Nevertheless, many women have internalised ageist stereotypes which begin in childhood with portrayals of wicked witches and so forth. This “sabotages” them, says Marcus. Moreover, many still don’t talk about gendered ageism. “They suffer in silence,” she states.

Her research shows nearly three quarters of women who had experienced gendered ageism didn’t do anything about it as they felt it would not make any difference, with over a quarter not trusting HR and nearly a quarter thinking it would lead to them losing their job. Many of those who did speak to HR were very dissatisfied with the outcome. “The culture needs to change,” says Marcus, adding that employers need to really focus on retention and retraining since it is much harder for women to get back into work after career gaps.

Lookism

Another issue linked to gendered ageism is the pressure to look younger in order to keep your job or position – and that is something women face earlier and more than men with women being judged less competent or valuable as they age. Marcus talks about a commercial real estate worker in her early 60s who had eye lift surgery who called it “an investment in my career”. “She felt that it meant she could work for another 10 years,” says Marcus. That is vital, given that most of the women she interviewed did not have enough money to retire because they have traditionally been paid less than men throughout their careers, may have had to take time out for caring responsibilities and may consequently face the gender pension gap.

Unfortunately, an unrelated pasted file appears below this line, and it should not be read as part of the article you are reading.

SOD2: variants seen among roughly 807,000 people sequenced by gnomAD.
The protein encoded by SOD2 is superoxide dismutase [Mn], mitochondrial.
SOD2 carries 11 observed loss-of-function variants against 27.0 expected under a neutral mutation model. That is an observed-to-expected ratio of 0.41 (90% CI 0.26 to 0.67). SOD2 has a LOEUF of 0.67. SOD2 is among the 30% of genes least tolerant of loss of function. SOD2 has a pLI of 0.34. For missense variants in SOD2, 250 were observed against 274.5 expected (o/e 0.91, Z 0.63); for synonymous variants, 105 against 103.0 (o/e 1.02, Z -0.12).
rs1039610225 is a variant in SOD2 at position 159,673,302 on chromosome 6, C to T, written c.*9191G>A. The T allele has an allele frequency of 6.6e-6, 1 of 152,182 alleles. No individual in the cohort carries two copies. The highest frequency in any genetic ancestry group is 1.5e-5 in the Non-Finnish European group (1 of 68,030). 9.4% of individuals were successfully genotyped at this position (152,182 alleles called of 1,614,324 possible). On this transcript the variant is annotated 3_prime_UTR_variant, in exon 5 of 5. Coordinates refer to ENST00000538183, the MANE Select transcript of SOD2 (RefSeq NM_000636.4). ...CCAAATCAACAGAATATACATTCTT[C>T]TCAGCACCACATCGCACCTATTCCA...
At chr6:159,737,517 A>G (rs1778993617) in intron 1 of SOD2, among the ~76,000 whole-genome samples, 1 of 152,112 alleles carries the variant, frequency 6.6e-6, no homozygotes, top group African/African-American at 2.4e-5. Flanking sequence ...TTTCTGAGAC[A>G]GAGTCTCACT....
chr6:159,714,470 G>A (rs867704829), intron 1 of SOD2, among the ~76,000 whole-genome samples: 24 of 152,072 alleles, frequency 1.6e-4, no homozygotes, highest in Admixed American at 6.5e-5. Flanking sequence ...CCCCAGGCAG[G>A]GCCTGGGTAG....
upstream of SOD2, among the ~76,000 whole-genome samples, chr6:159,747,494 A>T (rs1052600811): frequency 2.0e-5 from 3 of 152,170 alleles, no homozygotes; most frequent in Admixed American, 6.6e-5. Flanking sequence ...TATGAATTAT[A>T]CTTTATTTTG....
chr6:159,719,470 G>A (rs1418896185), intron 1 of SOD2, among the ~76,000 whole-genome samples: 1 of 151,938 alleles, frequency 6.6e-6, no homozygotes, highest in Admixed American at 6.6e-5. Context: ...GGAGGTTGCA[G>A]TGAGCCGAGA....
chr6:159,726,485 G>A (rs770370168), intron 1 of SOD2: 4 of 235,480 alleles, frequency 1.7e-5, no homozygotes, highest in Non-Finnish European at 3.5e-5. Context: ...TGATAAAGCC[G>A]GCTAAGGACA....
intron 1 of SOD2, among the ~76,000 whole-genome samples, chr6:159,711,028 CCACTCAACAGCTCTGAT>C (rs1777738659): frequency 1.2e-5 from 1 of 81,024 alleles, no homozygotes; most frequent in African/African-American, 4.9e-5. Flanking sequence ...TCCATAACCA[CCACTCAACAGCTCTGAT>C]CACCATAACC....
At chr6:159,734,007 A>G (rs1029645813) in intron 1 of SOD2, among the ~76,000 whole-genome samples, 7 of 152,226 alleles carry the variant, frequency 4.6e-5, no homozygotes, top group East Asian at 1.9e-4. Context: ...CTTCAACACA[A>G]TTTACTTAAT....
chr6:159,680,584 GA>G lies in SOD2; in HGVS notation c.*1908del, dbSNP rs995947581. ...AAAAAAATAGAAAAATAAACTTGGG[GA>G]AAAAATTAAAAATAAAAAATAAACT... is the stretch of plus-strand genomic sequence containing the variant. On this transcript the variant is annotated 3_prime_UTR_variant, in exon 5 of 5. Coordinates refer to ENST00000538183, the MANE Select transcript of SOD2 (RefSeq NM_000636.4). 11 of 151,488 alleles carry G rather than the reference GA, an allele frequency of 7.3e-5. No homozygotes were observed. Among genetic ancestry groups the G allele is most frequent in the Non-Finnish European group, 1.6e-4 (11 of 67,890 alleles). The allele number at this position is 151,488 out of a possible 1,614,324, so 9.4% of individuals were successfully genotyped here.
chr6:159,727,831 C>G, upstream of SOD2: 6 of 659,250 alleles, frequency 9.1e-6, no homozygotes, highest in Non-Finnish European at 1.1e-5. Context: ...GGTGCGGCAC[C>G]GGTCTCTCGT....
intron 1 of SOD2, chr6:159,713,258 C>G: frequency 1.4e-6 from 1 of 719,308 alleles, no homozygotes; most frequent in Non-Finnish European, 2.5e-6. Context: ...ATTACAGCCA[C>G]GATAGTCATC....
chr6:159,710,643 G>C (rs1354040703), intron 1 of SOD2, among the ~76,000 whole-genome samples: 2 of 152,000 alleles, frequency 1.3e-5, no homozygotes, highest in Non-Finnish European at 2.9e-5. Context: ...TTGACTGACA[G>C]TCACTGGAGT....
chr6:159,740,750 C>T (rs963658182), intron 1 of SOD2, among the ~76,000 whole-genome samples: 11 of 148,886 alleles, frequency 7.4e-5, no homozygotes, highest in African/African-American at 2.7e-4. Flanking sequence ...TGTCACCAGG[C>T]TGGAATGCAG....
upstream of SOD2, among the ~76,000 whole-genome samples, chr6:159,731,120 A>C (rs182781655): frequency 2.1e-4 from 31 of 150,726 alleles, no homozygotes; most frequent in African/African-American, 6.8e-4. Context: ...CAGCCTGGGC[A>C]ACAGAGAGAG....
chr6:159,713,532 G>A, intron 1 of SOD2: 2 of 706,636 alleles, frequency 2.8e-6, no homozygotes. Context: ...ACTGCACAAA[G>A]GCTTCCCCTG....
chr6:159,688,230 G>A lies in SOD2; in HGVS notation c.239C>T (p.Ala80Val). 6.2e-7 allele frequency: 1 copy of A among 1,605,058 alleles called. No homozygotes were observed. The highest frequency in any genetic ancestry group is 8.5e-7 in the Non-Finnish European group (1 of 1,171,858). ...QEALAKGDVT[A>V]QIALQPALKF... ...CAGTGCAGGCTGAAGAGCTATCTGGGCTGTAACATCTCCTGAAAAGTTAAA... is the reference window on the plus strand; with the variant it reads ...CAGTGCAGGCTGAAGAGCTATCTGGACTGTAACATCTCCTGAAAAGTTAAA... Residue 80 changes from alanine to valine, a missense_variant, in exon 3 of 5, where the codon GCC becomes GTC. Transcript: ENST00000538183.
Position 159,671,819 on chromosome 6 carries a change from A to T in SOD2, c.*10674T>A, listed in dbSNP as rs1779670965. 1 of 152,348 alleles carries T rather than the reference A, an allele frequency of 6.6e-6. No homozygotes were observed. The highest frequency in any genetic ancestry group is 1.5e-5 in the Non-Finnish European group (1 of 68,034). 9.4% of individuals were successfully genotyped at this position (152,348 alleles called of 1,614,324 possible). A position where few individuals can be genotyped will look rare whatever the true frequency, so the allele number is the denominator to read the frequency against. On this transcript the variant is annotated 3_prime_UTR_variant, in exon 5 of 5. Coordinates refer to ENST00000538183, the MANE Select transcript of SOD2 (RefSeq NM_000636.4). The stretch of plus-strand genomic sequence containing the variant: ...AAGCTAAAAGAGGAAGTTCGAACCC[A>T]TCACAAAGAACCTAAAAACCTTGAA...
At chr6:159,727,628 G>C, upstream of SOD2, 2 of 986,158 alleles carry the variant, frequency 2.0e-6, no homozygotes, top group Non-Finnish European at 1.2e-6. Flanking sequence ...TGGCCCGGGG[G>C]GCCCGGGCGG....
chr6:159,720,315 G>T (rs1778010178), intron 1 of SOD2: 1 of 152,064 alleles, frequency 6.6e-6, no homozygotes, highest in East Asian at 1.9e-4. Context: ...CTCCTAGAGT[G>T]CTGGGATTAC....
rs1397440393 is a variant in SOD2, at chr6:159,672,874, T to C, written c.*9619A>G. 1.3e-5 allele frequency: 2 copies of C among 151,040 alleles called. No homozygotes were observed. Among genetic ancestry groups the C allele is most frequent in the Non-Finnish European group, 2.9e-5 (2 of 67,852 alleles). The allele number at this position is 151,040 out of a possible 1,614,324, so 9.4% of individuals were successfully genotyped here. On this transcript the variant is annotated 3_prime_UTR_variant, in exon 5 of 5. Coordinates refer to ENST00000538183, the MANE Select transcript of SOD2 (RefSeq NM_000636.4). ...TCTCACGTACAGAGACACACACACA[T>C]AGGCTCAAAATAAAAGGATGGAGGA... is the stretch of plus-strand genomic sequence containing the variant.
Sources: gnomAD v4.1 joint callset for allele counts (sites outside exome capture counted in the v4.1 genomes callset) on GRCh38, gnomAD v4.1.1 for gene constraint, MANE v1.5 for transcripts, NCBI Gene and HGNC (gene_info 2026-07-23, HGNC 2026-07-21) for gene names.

She is hopeful that things are changing and notes the number of organisations which are raising awareness, even if that has not trickled down to the workplace yet. “I am very passionate about this topic, about building awareness and changing the conversation. We need to flip our existing male model of work to find one that works for women,” says Marcus.

She is herself affected and says that, like many women, she has been re-evaluating her career with a view to making more impact. She says she has questioned whether she fully lets go and changes direction or leverages some of her past experience in new ways. “I am still trying to figure that out,” she says. “I think that is a difference between men and women generally. Men tend to look forward to retirement when they get older. Women, having come through the menopause and with empty nest syndrome, may be looking to challenge themselves. There is a lot of creativity I feel I have not tapped yet and that is exciting.  I am not done yet.”

*Join us for the first National Older Workers Week. It runs from 22nd-26th November and will include a series of online events for employers and candidates with leading experts and employers. There will be a panel discussion on the results of our survey of older workers’ experience of Covid and their attitudes towards their working lives, a best practice event on everything from eliminating age bias in the recruitment process to returner programmes and lifelong learning, an event for line managers on managing multigenerational teams and a candidate-focused  event sharing older workers’ experiences with expert advice for those who wish to change their careers. Find out more and register for the free events here.